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  • Posted on March 11, 2011 at 6:44 AM

Willy came home with a single piece of homework.  He had to pick three diseases to research and I needed to sign the paper on which we wrote his choices.  When I first looked over the list of diseases, which were in alphabetical order, I had to pause.  Interesting: the word resounded in my head with a not-so-subtle tone of disapproval.  Towards the end of the A’s was one word I knew was not a disease.  You guessed it.  Autism was listed as one of the diseases Willy can research.  Interesting.

On the one hand, when I told Willy that it would be good for him to research autism, considering he and his brothers have autism, he was somewhat surprised.  I know I’ve told him about autism.  I know we’ve discussed it.  But it’s not something we make a point of bringing up over and over to the boys.  He’d forgotten he and his brothers have autism.  So, researching it will probably be good for him (especially if I’m helping to direct his research).

On the other hand, autism is NOT a disease.  The teacher should know this.  Autism should NOT be listed as a disease.  If the sheet was labeled “diseases and disorders,” then I would have no problem with it.  But it’s not.  It’s a list of diseases that include AIDS, cancer, diabetes, and autism—among others, some of which I know are not diseases (like ADHD) and some of which I suspect are not diseases (like Cerebral Palsy).  I consider this misinformation on the part of the teacher/school district.

Of course, those two hands can clasp together:  Willy can do his work in such a way that misinformation is corrected, which can better inform his peers and (if necessary) his teacher.  This is good, but it bothers me that it should be necessary.  Misinformation in schools is problematic for obvious reasons, but misinformation is problematic in general and Willy’s probably going to have to correct a lot of it as he makes his way in this world.  Autism as a disease as part of my autistic son’s school work: Interesting.

Wisconsin’s Teacher Protests: What the Protests are About

  • Posted on February 21, 2011 at 6:39 AM

Sometimes it’s difficult to keep my political blogging past in the past.  When Wisconsin makes the national news day after day, it’s difficult.  When my kids’ schools are closed due to political protests, it’s difficult.  I wanted to post about the protests on Friday, but I resisted…for a while, anyway.  The more I thought about it, the more I saw this as an opportunity to post about what the protests are NOT about.  But first, I’ll post about what the protests are about.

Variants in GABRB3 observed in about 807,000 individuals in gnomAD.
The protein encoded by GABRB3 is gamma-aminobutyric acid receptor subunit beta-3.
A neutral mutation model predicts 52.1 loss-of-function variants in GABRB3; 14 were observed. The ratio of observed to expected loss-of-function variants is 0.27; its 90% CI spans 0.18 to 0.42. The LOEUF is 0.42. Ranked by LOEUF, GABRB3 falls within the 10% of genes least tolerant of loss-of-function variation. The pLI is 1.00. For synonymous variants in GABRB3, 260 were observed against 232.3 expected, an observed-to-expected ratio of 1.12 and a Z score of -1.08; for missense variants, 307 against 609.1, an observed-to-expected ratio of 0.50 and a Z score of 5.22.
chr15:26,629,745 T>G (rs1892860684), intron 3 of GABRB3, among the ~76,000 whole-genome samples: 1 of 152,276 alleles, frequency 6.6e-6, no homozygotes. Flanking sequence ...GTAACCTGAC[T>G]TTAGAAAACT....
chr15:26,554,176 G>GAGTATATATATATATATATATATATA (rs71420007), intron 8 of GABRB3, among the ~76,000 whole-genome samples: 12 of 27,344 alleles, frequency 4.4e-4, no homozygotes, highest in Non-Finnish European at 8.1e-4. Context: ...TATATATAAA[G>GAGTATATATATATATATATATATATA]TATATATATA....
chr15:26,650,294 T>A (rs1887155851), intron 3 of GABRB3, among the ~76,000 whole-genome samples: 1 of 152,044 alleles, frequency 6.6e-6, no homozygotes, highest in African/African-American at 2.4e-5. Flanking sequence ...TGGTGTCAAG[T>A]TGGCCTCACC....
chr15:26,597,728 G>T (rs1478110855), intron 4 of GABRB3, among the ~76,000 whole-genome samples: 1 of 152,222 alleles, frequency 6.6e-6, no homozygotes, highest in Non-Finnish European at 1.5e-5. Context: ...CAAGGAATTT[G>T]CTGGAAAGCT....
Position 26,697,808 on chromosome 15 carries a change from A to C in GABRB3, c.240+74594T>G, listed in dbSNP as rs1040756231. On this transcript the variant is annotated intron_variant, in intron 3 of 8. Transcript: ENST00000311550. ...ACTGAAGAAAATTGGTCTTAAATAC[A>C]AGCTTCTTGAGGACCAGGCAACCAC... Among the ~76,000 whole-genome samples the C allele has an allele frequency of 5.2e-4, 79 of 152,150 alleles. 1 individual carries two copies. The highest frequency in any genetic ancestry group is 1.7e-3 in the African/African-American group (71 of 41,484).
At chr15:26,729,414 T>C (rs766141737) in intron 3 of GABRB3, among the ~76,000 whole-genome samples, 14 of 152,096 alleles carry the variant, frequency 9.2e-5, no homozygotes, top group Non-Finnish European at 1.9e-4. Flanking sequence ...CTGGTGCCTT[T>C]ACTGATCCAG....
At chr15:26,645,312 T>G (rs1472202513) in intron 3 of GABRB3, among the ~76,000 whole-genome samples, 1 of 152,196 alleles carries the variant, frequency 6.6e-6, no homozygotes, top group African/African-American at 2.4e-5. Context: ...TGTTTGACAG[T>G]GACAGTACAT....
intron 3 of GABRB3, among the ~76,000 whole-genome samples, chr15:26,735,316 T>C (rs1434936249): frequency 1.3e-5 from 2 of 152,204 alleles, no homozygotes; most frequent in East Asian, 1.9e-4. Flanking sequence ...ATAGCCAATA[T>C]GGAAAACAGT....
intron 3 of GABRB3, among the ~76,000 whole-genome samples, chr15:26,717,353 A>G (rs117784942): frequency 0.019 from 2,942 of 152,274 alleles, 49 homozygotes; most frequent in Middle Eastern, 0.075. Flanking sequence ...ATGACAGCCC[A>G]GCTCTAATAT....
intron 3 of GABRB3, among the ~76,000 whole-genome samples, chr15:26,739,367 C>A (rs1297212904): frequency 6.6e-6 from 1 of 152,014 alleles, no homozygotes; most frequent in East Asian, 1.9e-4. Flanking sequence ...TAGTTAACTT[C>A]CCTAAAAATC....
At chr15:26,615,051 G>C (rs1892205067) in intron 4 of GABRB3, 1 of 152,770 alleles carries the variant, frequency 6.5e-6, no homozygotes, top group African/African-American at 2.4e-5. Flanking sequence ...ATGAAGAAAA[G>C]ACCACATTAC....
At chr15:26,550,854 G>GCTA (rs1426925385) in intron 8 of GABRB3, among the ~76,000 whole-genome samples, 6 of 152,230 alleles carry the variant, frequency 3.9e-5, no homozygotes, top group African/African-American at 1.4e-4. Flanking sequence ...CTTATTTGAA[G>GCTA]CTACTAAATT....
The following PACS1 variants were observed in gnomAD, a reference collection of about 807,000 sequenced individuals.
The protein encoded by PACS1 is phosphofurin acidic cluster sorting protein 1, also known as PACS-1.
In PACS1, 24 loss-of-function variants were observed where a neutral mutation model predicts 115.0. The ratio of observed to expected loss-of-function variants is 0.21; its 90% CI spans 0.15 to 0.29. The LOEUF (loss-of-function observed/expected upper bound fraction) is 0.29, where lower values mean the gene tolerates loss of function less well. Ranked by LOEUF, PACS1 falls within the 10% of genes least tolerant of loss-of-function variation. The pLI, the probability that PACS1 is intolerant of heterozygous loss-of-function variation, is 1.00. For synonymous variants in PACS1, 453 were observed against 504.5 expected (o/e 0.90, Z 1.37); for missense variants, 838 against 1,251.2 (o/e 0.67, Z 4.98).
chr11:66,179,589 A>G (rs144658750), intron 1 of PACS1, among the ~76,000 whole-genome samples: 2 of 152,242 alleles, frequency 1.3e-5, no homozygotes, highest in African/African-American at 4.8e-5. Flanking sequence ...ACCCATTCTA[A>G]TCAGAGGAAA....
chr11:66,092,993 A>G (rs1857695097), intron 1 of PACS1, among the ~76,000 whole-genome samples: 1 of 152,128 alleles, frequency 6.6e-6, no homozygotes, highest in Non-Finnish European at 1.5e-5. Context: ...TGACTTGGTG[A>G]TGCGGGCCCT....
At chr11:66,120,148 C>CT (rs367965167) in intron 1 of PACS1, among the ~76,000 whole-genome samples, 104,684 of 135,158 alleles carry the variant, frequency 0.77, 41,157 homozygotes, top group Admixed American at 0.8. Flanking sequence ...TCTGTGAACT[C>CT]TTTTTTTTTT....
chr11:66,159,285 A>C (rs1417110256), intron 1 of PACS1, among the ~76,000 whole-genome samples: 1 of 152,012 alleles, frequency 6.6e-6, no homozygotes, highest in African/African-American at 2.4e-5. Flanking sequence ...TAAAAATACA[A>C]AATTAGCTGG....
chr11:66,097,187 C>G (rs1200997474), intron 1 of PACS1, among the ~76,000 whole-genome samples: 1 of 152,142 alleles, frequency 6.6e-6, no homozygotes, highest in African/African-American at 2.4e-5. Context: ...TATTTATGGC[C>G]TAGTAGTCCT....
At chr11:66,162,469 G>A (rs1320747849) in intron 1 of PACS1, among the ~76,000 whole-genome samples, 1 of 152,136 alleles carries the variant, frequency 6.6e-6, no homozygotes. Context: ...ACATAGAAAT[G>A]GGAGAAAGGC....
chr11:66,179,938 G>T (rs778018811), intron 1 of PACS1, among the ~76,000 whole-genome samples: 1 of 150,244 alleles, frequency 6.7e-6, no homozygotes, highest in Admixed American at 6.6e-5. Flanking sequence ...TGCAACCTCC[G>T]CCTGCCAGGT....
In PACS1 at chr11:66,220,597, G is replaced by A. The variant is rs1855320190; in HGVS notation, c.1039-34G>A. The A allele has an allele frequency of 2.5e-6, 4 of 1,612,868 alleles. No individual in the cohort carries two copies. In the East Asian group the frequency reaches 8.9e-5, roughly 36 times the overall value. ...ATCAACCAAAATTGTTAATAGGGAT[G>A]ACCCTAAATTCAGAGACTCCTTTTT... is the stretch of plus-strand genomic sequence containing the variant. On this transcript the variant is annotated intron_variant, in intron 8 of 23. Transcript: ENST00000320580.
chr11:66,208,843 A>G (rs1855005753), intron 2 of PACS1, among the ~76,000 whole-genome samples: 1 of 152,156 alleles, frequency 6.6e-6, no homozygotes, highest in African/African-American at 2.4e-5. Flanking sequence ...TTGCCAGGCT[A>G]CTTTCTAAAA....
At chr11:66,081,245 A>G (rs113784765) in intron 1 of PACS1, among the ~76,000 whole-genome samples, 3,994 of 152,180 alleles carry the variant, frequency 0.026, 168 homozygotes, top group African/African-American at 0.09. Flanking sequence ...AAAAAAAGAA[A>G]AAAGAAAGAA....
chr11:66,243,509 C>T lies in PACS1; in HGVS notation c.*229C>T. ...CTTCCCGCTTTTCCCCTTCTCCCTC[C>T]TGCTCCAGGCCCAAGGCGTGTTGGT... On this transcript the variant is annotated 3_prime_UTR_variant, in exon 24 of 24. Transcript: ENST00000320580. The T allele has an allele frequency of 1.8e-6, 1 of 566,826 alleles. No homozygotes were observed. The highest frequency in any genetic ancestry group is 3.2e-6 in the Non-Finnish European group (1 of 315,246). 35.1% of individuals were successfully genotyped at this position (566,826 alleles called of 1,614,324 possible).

According to the union protesters:

  • This bill eliminates the union’s ability bargain with local governments and endangers their union’s ability to protect workers’ rights.

According to Wisconsin Governor Scott Walker:

  • Wisconsin is broke.
  • He was elected to shore up deficit spending.
  • He will reduce how much money the state provides to local governments to fund vital services.
  • This bill provides tools to those local governments to keep government jobs and keep costs under control.
  • This bill does so by increasing the amount government workers must contribute to their retirement and health care benefits, while limiting the union’s ability to negotiate with local governments, requiring local voter approval for negotiations.
  • Workers rights are protected by Wisconsin law, not the union.

Personally, I think the union has motivated the workers they represent to protest due to another facet of this bill:  It gives worker the choice to join the union or not.  Workers currently do not have that choice in Wisconsin.  For example, if you are hired to work as a teacher for the public school system, you are automatically part of the union and you automatically have to pay union dues.  You join the union or you don’t work as a teacher.  The unions want to protect this status quo, because it increases their rosters and the amount of dues they collect.  I believe that is the primary reason the union has worked so hard to stir up their members.

This is also the primary reason I do not agree with the protesters.  There is a lot of misinformation being disseminated on the news stations.  Hailing back to my political blogging days, I did something profound:  I actually read the bill.  Governor Walker is right; it does limit the union’s powers.  It does not eliminate them as protesters and pundits have claimed.  It also does not increase the amounts workers will have to contribute by nearly as much as many pundits have claimed.  However, the bill is also disingenuous, as most pieces of legislation are.  It is disingenuous because it lumps things like whether or not union membership can be forced on a worker with an emergency budget bill.  That kind of thing happens a lot, but it shouldn’t.

While I support Governor Walker’s efforts to respond to the havoc the recession has wrought on Wisconsin’s economy, I don’t support his decision to include anti-union legislation with an emergency budget bill.  While I support workers’ right to protest for the issues that are important to them, I cannot join in a protest that supports forcing workers into a union.  Nor do I think it reasonable for government workers to stay isolated from the effects of the recession when that isolation contributes to the hardships the taxpayers must endure.  It’s a tough choice, but Governor Walker was elected to make it.